The American Heritage Dictionary defines a metaphor as:
“A figure of speech in which a word or phrase that ordinarily designates one thing is used to designate another, thus making an implicit comparison”
They give as an example Shakespeare’s “all the world’s a stage.” Clearly all the world is not a stage but Shakespeare had the line delivered from a stage and compared the people of the world to actors playing their parts.
It was more than a century before Shakespeare that the word metaphor came into English and it did so in a most appropriate document. The year was 1477 and the document something called The Ordinall of Alchimy by one Thomas Norton. This is actually a kind of poem about the secrets of alchemy and the reason that the subject of alchemy is so appropriate for the word metaphor is that writings on alchemy written by alchemists had always been as obscure as possible and used piles of metaphor in favour of straightforward explanations on how to turn lead into gold. The author himself tells us that it is traditional for alchemists to not explain themselves except to one deserving pupil who they train up. That, in fact, it was forbidden among the secret sect of alchemy to write down the formulas and spells required for their art. To this end all descriptions are made by actually describing something else, or describing the opposite and then contradicting oneself. The point being to be as confusing as possible to those who don’t understand alchemy, while leaving sufficient clues for those who do.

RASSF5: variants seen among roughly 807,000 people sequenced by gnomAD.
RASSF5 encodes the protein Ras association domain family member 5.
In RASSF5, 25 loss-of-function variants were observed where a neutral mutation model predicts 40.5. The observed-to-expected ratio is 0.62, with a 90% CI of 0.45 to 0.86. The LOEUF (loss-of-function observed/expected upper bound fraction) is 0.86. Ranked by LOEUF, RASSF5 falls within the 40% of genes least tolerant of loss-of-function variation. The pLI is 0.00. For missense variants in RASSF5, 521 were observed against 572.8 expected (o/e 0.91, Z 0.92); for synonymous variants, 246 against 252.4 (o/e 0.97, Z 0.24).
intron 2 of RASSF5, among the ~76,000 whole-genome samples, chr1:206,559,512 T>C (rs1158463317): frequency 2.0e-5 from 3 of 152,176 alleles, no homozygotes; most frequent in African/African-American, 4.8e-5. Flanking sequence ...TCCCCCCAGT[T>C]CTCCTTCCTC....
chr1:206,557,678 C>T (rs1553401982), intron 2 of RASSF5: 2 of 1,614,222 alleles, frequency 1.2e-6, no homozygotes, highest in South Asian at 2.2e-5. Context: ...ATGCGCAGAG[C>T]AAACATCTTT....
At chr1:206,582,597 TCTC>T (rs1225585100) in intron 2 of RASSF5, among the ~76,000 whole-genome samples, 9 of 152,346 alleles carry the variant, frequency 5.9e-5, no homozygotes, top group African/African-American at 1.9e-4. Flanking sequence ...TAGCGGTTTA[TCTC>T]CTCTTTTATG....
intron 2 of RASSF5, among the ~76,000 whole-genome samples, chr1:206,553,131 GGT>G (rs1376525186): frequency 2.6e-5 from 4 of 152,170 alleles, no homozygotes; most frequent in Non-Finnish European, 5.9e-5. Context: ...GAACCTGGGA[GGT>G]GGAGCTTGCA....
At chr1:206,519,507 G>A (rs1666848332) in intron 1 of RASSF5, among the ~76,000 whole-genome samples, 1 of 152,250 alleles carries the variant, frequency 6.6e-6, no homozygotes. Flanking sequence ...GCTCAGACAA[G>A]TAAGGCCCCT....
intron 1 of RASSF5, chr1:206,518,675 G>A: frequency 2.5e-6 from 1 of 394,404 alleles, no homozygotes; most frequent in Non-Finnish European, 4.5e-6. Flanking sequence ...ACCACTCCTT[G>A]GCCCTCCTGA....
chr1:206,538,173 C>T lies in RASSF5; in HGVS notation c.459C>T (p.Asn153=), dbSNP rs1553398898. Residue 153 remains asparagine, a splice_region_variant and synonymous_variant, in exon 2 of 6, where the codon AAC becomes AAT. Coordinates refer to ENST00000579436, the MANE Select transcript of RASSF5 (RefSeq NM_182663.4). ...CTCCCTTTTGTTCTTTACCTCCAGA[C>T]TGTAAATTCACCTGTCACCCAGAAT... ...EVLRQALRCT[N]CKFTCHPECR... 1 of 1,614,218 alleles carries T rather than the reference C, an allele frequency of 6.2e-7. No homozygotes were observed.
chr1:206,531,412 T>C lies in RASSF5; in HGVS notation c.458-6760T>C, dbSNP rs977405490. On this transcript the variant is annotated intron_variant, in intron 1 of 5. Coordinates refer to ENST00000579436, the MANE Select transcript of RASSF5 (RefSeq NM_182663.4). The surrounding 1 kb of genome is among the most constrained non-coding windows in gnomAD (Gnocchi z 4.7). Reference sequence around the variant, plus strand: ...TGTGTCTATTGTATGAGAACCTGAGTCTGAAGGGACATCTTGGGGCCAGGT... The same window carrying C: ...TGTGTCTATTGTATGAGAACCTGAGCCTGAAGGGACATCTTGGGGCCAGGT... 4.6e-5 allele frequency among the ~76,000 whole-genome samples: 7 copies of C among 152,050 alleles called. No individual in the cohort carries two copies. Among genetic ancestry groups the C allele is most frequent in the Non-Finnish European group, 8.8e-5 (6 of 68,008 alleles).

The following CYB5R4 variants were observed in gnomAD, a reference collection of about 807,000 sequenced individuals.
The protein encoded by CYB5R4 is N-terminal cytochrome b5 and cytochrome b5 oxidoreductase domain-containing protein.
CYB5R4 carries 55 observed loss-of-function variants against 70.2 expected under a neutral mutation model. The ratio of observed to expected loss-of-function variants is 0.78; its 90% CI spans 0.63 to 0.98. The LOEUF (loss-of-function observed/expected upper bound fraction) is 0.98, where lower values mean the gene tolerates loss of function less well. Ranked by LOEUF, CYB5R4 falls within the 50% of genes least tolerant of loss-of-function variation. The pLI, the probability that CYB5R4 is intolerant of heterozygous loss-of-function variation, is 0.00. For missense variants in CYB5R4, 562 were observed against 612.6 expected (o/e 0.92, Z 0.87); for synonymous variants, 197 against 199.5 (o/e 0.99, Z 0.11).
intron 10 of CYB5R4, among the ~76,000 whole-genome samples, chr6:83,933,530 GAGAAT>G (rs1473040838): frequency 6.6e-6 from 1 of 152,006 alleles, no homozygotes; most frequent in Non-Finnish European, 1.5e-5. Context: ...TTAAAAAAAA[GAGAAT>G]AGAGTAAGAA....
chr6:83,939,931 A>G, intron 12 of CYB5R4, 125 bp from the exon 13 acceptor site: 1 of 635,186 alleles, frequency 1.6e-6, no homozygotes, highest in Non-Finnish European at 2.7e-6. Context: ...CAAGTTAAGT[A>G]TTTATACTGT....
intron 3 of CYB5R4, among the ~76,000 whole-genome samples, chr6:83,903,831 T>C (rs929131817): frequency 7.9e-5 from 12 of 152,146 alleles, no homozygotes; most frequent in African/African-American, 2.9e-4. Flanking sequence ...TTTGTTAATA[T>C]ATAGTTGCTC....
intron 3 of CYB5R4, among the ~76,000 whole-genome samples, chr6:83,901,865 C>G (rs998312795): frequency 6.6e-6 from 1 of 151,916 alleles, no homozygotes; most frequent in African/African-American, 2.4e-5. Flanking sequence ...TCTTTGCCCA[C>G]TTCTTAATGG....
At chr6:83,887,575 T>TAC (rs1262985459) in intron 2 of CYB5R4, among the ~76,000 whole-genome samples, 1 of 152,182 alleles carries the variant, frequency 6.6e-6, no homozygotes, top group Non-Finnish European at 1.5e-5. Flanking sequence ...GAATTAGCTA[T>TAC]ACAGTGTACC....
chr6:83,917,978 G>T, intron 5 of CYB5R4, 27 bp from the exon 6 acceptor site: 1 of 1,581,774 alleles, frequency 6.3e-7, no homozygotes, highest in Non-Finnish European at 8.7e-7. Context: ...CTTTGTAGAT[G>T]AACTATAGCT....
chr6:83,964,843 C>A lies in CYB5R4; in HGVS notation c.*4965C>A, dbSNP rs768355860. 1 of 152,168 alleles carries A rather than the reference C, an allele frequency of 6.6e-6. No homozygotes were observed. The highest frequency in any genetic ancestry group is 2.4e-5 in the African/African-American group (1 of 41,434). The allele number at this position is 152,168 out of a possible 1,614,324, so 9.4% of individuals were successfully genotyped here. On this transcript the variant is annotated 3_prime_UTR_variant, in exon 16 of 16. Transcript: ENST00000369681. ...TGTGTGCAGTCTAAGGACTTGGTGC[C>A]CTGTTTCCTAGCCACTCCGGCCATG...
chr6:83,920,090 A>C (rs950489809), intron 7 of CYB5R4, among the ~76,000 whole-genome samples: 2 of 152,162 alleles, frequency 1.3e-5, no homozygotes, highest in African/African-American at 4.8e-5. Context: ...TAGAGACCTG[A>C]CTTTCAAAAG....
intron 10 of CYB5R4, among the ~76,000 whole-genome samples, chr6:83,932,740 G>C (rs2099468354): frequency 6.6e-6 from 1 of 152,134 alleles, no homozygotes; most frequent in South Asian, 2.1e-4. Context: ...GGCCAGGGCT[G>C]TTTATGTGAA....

In any case, the etymology if metaphor is a great one. It comes to English from the French of the Norman Conquest and of course from Latin before that. But originally the word came from ancient Greek where it literally meant “between bear” or less strictly “carry across.” So it is the idea that an analogy can carry a concept across from one scenario to another. But the best part is that in Greek it still means “carry across” or “transfer” and Greek moving vans are labelled metaphor.